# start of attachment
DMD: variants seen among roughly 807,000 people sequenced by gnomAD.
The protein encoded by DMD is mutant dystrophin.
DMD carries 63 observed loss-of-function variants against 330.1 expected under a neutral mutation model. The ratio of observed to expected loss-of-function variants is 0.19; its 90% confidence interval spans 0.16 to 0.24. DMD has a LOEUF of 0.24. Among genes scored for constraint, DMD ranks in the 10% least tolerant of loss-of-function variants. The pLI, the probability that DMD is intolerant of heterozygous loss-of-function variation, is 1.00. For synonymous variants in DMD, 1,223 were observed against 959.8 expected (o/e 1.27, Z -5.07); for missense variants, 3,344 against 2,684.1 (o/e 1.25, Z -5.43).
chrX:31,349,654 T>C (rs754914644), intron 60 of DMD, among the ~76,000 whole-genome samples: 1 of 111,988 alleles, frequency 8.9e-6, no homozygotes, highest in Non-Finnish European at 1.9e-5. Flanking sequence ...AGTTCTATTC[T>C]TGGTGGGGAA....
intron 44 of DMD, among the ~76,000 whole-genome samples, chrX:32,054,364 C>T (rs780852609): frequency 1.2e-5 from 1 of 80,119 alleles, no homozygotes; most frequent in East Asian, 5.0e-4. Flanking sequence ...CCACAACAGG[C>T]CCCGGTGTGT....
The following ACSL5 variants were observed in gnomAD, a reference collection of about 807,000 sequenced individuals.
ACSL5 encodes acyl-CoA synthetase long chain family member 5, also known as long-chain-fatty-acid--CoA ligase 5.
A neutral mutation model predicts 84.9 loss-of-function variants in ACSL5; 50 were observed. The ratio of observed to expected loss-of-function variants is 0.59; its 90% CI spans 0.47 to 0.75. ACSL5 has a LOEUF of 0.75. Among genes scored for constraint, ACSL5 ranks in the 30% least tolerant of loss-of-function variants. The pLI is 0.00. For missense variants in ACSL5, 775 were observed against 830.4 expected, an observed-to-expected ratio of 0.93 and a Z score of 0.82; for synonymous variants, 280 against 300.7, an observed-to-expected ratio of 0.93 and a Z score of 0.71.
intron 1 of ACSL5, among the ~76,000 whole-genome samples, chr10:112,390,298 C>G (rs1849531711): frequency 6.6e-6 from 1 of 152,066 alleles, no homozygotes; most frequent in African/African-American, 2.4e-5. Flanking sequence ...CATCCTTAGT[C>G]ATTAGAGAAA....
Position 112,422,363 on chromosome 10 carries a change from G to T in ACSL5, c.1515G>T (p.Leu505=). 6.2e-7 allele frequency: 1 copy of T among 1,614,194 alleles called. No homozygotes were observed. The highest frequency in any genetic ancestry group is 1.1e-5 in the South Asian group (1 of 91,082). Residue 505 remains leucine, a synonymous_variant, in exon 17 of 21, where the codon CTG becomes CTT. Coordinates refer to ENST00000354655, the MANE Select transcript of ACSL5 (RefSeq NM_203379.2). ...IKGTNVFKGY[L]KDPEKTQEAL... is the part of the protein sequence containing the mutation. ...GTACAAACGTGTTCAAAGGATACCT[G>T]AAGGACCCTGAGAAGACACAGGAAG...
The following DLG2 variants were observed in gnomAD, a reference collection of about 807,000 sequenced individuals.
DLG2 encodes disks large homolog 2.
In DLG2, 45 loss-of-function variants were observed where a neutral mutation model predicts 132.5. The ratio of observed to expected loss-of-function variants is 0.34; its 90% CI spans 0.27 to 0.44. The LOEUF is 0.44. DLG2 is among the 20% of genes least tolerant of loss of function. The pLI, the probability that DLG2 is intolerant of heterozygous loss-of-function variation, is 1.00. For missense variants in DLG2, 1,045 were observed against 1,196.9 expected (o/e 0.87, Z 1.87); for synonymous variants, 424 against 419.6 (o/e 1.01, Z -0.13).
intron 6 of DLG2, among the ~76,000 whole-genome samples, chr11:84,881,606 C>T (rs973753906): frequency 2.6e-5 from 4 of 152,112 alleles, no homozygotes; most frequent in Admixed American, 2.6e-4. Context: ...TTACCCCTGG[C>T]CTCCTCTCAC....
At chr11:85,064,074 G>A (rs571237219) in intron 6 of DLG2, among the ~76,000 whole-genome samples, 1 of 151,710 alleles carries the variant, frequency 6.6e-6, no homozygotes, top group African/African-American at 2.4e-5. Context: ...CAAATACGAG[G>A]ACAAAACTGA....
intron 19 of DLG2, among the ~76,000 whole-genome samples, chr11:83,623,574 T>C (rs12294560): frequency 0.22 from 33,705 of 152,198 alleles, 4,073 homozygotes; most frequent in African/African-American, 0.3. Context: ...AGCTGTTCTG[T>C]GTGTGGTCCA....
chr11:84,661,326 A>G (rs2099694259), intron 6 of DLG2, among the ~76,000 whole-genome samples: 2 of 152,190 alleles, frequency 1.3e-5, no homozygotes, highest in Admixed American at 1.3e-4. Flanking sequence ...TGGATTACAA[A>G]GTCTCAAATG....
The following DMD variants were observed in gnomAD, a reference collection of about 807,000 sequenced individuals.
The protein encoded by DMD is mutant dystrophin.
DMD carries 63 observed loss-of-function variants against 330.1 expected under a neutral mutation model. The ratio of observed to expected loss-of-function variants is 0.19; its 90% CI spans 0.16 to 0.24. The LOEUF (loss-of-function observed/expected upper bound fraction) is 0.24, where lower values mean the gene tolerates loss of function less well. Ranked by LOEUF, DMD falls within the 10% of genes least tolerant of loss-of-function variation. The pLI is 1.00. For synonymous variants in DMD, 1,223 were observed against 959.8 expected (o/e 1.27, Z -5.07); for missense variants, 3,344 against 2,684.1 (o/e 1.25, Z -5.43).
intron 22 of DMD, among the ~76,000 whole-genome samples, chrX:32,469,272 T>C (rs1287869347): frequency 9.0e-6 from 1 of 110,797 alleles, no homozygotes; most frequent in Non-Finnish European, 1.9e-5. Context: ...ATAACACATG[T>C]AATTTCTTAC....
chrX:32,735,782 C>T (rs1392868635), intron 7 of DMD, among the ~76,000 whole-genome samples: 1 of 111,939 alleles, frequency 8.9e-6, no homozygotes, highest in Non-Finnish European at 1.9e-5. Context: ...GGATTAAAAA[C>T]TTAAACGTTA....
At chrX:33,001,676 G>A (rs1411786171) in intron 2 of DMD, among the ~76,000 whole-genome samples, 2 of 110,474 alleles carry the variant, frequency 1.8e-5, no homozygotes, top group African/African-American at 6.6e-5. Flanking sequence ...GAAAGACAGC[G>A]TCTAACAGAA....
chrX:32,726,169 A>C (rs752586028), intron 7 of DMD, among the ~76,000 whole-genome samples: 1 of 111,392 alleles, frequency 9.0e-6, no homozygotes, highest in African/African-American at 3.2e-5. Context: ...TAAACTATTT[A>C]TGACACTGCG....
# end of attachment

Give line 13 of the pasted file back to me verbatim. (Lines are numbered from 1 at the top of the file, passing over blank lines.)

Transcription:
In DLG2, 45 loss-of-function variants were observed where a neutral mutation model predicts 132.5. The ratio of observed to expected loss-of-function variants is 0.34; its 90% CI spans 0.27 to 0.44. The LOEUF is 0.44. DLG2 is among the 20% of genes least tolerant of loss of function. The pLI, the probability that DLG2 is intolerant of heterozygous loss-of-function variation, is 1.00. For missense variants in DLG2, 1,045 were observed against 1,196.9 expected (o/e 0.87, Z 1.87); for synonymous variants, 424 against 419.6 (o/e 1.01, Z -0.13).